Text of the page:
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Perry Ellis' Feldenkreis: Succession and Low Income Buyers

Perry Ellis
Perry Ellis

Talk about the American dream. I went to the Perry Ellis showroom yesterday in midtown Manhattan for an exclusive conversation with company CEO George Feldenkreis. Normally, George and his son Oscar Feldenkreis (President & COO) work out of the Miami, FL corporate headquarters, but the two were in town to celebrate the company's 40th anniverary and to ring the closing bell at the Nasdaq.

George left Cuba after Castro came to power and he moved to the U.S. to make money in order to support his family back home. Now he's built an apparel company that sells products and private label brands to 15,000 stores and creates lines for the world's biggest retailer and some of the country's biggest department stores. Feldenkreis and his family own around 30% of outstanding shares of the company.

One of the big questions has been just when George will retire as CEO of the company and when/if he'll hand over the reins to son Oscar. I asked George just whether there is any substance to the rumors of his son being the heir apparent. While he stopped short of outright confirmation, he did say that his son was one of the hardest working executives that he knows of in retail and that he'll probably become the chief executive. As far as a timeline on those succession plans, George said simply that he's not looking to retire anytime soon BUT he'd like to slow down his schedule.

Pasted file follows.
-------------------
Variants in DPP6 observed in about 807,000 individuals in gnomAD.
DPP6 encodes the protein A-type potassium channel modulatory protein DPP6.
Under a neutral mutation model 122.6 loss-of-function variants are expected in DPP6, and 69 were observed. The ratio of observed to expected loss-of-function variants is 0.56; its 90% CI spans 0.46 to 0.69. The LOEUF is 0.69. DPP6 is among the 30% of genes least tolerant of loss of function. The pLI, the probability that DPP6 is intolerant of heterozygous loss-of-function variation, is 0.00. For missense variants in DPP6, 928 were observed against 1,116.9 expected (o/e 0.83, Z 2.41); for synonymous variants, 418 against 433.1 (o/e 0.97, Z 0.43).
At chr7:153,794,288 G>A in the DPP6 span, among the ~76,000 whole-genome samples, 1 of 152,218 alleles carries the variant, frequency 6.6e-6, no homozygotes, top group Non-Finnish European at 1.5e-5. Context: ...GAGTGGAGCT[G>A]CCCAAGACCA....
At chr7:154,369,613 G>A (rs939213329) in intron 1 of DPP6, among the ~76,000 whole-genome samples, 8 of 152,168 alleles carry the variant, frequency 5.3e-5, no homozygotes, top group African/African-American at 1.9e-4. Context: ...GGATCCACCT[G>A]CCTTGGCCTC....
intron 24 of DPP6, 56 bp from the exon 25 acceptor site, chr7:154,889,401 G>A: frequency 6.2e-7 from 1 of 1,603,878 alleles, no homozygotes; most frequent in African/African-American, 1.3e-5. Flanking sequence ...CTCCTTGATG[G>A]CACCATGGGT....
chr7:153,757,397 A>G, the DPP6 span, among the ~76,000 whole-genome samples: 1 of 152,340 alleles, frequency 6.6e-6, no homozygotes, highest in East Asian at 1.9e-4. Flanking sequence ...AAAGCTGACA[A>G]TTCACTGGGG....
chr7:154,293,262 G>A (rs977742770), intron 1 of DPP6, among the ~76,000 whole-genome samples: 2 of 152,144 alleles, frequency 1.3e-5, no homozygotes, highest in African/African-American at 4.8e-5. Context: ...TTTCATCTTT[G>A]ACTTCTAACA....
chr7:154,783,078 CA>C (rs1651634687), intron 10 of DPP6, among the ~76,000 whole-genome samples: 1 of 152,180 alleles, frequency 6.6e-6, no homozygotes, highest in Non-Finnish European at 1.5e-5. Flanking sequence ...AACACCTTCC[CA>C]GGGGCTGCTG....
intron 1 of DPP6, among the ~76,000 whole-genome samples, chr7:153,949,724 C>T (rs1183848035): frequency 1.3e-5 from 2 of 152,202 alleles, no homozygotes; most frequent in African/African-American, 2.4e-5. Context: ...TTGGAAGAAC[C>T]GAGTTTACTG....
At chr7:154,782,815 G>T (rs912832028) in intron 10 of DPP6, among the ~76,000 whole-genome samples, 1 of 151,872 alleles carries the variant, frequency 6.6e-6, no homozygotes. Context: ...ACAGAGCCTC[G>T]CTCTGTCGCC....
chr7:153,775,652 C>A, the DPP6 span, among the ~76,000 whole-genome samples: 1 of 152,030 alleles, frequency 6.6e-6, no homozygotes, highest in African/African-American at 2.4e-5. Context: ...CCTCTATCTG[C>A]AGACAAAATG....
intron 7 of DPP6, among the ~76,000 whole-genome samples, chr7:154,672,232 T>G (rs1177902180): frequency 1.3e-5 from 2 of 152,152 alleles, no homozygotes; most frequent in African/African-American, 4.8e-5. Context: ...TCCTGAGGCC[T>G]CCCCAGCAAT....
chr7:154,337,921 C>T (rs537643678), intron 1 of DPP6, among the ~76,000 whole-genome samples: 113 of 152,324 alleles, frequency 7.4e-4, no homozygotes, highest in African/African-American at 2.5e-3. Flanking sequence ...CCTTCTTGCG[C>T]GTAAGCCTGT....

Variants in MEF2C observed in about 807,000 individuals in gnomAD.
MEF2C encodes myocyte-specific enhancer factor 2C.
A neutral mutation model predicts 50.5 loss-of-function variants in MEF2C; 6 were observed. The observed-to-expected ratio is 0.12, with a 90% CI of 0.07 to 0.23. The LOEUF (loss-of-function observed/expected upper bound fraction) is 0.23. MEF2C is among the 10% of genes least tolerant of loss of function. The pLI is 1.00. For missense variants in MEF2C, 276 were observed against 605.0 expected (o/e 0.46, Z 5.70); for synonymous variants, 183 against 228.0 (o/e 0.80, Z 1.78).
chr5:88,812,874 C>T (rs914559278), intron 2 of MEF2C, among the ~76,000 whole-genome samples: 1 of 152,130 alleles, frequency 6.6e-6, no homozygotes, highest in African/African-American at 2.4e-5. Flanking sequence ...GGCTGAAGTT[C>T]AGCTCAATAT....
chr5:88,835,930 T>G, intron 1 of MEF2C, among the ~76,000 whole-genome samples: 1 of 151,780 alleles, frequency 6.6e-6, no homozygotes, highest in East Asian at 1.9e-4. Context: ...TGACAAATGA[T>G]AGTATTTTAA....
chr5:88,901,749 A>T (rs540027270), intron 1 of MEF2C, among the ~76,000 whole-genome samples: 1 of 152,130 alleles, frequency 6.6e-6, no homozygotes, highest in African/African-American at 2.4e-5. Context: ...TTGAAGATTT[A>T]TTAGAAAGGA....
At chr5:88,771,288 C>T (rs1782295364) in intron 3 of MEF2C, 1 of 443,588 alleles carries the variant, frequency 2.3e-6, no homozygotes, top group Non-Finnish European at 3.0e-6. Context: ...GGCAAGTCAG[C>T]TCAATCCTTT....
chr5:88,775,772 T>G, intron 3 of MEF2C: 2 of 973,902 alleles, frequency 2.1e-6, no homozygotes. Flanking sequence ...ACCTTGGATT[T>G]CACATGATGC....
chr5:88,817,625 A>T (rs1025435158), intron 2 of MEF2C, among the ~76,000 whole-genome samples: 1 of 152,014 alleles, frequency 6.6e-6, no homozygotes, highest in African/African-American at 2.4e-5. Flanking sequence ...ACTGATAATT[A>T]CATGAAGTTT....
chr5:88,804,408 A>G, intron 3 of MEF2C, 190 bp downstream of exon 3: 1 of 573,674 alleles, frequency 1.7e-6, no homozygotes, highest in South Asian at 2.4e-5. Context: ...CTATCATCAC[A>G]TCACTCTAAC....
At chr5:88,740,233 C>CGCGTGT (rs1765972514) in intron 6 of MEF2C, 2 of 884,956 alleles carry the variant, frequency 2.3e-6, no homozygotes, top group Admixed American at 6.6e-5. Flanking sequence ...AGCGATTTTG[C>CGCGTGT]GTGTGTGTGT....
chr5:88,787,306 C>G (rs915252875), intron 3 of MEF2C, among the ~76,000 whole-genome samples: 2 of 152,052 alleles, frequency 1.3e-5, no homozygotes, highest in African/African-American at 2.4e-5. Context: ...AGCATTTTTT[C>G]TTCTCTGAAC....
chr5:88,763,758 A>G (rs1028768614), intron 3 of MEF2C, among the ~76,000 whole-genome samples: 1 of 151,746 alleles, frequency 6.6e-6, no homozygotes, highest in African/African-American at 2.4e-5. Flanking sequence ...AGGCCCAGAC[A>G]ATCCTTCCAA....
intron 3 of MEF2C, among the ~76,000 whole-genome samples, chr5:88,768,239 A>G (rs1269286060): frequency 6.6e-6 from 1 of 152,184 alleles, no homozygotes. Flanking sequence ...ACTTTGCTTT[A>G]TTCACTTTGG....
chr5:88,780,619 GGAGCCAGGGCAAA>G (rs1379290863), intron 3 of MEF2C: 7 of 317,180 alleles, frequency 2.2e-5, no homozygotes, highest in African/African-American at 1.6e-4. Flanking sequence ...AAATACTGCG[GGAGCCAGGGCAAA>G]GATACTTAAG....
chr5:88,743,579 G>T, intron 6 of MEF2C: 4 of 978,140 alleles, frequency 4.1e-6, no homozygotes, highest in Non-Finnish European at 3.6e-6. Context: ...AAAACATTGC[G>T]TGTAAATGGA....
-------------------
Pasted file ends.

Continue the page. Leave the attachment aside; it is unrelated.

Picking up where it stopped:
As far as what the view from the Perry Ellis C-Suite looks like, George says that he doesn't really see the consumer spending less in totality right now and he's not seeing a slowing of orders for menswear (95% of PERY's business is in menswear). Womenswear, however, is slower. For Perry Ellis, sales are stronger in the mid tier and department store side than they are on the mass market, lower income side. Translation: Wal-Mart apparel orders are weakening. Of course, that shouldn't be much of a surprise since apparel has been a weak category for WMT and it is only 10-15% of the company's sales.

Besides the macroeconomic factors weighing on sales (gas, loan defaults, etc.), Feldenkreis speculated that there is another factor that may be eating up sales at discounter Wal-Mart. In fact, there could be 12 million of them. CEO Feldenkreis says that Wal-Mart is feeling a financial loss from no longer getting as much money from the 12 million or so undocumented workers that live and shop in the U.S. Why? The slowdown in construction and housing has left many of these low-income buyers without pay or with lowered pay.

Interesting theory. Perhaps it is the businessman in him or perhaps a bit of that early straight-out-of-Cuba George that is sympathetic toward the plight of undocumented workers here in the U.S.

Questions? Comments? retaildetail@cnbc.com

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